Your turn: Some readers can really write


Thirteen years ago this week a thin packet containing four agricultural columns hit the cluttered desks of 124 newspaper editors and publishers in 14 Midwestern states.
Three of those very smart, very wise gatekeepers thought the journalism good enough to publish. Immediately thereafter – well, within two weeks, anyway – reader letters began to hit my desk.
Some contained love; others pure hemlock. No one, many of the letters related, had ever been so stupid and conceited to write an ag column that failed to praise farmers in every other sentence.
Much has changed in American agriculture over those 670 or so columns and nearly 465,000 words.
Some things never change. One thing that hasn’t, however, are the howls that scream into this office, now mostly by e-mail. Most weeks it’s a manageable flood; other weeks it’s a bloody tidal wave.
In general, the column’s 680 weekly words generates anywhere from 10 to 50 times that number in angry reply. When done right, I rarely hear the bullet.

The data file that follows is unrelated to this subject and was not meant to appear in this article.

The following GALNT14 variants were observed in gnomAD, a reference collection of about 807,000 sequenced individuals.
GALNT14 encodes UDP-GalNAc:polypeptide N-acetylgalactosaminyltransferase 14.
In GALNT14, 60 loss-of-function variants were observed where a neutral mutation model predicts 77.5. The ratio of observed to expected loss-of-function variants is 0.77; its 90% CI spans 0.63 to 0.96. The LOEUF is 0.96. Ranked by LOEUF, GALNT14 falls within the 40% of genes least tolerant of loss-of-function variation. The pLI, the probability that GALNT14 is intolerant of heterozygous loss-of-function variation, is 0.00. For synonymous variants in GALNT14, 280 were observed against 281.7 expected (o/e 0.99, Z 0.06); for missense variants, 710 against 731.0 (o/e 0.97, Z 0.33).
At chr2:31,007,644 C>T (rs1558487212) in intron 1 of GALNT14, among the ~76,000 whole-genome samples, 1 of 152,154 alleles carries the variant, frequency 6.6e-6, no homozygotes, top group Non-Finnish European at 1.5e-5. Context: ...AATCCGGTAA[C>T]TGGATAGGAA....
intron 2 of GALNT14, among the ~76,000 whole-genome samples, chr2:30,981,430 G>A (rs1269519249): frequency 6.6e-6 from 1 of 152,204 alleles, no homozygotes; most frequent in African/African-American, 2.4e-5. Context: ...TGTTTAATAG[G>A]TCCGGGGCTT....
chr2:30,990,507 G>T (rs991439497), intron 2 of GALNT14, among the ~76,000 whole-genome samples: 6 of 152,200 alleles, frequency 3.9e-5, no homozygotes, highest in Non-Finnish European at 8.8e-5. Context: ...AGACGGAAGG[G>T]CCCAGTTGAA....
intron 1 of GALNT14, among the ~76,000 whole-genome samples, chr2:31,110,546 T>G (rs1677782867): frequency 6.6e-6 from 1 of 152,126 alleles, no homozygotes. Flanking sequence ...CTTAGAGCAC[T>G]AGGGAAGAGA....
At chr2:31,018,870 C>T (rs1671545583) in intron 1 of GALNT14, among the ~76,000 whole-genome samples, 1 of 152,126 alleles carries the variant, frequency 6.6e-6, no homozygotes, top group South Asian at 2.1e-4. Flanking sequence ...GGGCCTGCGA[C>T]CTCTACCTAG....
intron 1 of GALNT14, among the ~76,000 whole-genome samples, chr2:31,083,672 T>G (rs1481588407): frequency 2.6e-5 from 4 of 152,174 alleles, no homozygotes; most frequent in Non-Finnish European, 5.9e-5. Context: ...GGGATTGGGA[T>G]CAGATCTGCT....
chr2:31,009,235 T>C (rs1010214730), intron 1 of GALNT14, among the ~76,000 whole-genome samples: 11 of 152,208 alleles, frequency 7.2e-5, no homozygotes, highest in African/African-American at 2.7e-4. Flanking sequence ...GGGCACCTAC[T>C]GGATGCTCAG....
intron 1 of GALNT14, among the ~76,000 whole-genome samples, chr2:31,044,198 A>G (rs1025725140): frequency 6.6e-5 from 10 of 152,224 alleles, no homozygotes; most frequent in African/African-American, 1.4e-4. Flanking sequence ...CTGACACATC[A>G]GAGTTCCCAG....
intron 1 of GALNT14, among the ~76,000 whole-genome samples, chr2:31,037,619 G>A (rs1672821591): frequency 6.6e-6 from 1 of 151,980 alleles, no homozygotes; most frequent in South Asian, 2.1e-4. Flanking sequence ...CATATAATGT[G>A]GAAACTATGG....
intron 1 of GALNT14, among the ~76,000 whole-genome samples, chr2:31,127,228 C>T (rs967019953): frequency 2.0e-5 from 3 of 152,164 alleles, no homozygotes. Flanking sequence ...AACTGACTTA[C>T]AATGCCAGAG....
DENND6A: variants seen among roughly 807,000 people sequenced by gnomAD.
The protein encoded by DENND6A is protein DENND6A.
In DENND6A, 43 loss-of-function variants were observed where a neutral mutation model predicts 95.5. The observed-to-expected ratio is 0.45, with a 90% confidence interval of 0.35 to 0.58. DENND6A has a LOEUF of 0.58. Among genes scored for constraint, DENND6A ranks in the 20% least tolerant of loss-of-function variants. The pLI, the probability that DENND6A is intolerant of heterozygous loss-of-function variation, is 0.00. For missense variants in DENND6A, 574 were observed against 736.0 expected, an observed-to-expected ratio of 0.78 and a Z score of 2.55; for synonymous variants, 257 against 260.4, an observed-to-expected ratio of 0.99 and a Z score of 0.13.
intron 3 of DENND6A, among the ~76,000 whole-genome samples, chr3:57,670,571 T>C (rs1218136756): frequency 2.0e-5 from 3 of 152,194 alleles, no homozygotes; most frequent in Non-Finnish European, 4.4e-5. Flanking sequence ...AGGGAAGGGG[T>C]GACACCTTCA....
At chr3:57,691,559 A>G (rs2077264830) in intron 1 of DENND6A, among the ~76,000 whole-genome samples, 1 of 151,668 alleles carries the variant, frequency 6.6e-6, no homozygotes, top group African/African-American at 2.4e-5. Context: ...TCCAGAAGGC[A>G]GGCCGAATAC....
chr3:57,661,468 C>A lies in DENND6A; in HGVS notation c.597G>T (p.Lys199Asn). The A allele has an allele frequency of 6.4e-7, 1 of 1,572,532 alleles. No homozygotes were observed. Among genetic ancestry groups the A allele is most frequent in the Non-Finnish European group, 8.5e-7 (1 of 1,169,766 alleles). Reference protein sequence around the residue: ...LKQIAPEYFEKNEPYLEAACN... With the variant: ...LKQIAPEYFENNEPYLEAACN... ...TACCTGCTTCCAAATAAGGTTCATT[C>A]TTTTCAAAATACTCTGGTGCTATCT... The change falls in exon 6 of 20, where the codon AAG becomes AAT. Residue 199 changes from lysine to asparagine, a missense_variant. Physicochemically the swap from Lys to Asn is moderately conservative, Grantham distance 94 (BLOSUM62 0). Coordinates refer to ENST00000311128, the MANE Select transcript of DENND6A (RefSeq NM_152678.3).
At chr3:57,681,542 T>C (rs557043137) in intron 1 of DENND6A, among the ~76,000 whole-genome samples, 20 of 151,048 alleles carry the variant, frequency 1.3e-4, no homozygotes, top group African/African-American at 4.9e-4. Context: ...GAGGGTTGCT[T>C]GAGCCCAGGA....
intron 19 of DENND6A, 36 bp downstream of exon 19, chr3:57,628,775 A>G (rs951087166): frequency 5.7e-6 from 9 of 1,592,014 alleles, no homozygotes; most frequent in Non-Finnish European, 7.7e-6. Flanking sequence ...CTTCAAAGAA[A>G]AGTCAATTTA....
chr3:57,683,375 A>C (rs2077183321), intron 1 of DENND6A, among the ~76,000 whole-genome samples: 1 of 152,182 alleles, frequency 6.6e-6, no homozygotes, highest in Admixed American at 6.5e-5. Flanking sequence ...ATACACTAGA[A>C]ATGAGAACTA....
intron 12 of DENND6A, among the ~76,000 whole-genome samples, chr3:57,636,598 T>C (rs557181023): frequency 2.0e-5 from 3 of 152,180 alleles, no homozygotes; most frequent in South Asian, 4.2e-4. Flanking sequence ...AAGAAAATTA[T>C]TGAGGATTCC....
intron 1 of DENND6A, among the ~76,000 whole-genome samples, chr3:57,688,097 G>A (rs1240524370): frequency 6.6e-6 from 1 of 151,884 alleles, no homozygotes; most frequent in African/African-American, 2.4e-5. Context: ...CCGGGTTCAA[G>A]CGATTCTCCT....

Like this comment pulled from a lengthy, mid-March letter to a Minnesota newspaper editor that the writer kindly carbon-copied to me:
“Mr. Guebert bases his entire article on a ‘friend’s’ comparison of ‘what-if’ numbers


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Alan Guebert was raised on an 800-acre, 100-cow southern Illinois dairy farm. After graduation from the University of Illinois in 1980, he served as a writer and editor at Professional Farmers of America, Successful Farming magazine and Farm Journal magazine. His syndicated agricultural column, The Farm and Food File, began in June, 1993, and now appears weekly in more than 70 publications throughout the U.S. and Canada. He and spouse Catherine, a social worker, have two adult children.